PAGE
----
|Sent on:||Thursday, November 8, 2012 10:49 PM|
I'm all for this as well, as an anguished & outrageous victim. I'm wondering why apple hasn't done anything to prevent reuse of lost/stolen iPhones? There is actually an easy way for them to do it and locate the thieves. Maybe they thought this would prove iPhone's popularity and promote sales? Too bad if they really thought this way.
On Tuesday, April 10, 2012, D.A. Gutierrez <[address removed]> wrote:
I'm all for this. I was actually surprised when I found out that this was not the standard already.
Reminds me of when my car was broken into and my satellite radio was stolen. When I called to report it stolen and cancel my service on that unit, they said they don't blacklist devices.
With all the pieces for control in place already it seems like a lazy/greedy industry that needs to be prodded. It's like they're encouraging theft.
On Apr 10,[masked]:38 AM, "Anthony Zeoli" <[address removed]> wrote:
> Thought this was interesting to discuss the pros and cons of. Thoughts?
> Fighting Cellphone Theft With a Database | Police departments, the Federal Communications Commission and the wireless phone industry have devised a plan to fight cellphone theft: the creation of a central database to track stolen phones and prevent them from being used again, Edward Wyatt reports in Tuesday's New York Times.
> On Tuesday, Julius Genachowski, the chairman of the F.C.C., is scheduled to join police chiefs from New York, Pennsylvania and Maryland and representatives of a wireless industry trade group to announce the new plan, which would allow wireless providers to disable and block further use of a device once it is reported stolen.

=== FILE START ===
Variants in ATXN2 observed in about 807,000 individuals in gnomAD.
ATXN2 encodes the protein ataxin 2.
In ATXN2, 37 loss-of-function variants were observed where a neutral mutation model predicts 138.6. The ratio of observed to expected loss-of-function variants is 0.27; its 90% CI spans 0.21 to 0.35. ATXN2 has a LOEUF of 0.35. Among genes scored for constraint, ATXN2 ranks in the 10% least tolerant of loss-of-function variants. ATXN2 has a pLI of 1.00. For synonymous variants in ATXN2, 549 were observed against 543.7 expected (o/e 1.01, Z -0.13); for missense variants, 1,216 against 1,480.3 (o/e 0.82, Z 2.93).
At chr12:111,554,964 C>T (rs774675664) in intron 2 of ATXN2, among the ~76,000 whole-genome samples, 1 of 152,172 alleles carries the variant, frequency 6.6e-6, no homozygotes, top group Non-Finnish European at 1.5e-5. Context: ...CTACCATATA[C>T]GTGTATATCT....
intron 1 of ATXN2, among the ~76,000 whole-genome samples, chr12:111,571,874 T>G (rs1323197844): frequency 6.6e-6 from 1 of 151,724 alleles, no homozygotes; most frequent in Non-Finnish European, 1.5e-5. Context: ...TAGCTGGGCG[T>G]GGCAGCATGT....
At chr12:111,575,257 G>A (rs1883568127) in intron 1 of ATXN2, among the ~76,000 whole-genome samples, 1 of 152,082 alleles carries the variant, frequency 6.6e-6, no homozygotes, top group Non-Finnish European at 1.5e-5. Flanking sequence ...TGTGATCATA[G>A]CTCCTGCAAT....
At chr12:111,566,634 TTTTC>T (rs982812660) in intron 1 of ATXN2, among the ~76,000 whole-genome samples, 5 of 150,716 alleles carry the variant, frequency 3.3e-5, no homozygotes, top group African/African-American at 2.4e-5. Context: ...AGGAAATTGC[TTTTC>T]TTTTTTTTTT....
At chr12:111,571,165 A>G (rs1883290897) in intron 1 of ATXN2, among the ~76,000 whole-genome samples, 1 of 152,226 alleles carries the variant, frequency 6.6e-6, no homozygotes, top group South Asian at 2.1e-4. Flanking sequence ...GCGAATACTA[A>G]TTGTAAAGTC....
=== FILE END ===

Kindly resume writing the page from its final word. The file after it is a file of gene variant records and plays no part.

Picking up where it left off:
> The groups are also working with members of Congress to write legislation that would make it a federal crime to tamper with a phone's unique identifiers in an attempt to evade the blocking process.
> Over the last year, roughly one out of three robberies nationwide have involved the theft of a cellphone, according to an F.C.C. summary of the new plan. The thefts have grown most rapidly in urban areas; cellphones are stolen in more than 40 percent of all robberies in New York City and 38 percent of robberies in the District of Columbia, according to the groups.
> Because many smartphone owners use the devices for financial transactions, the phones often contain sensitive personal data. As part of the program, wireless carriers plan to educate consumers on how to remotely lock their phones, delete personal information and track a device's whereabouts.
> Tony Zeoli, Founder
> Digital Strategy Works + Netmix Media
> Web Development & Media & Publishing
> P.O. Box 597, Chapel Hill, NC 27510
> ? [address removed] | [address removed]
> ? [masked]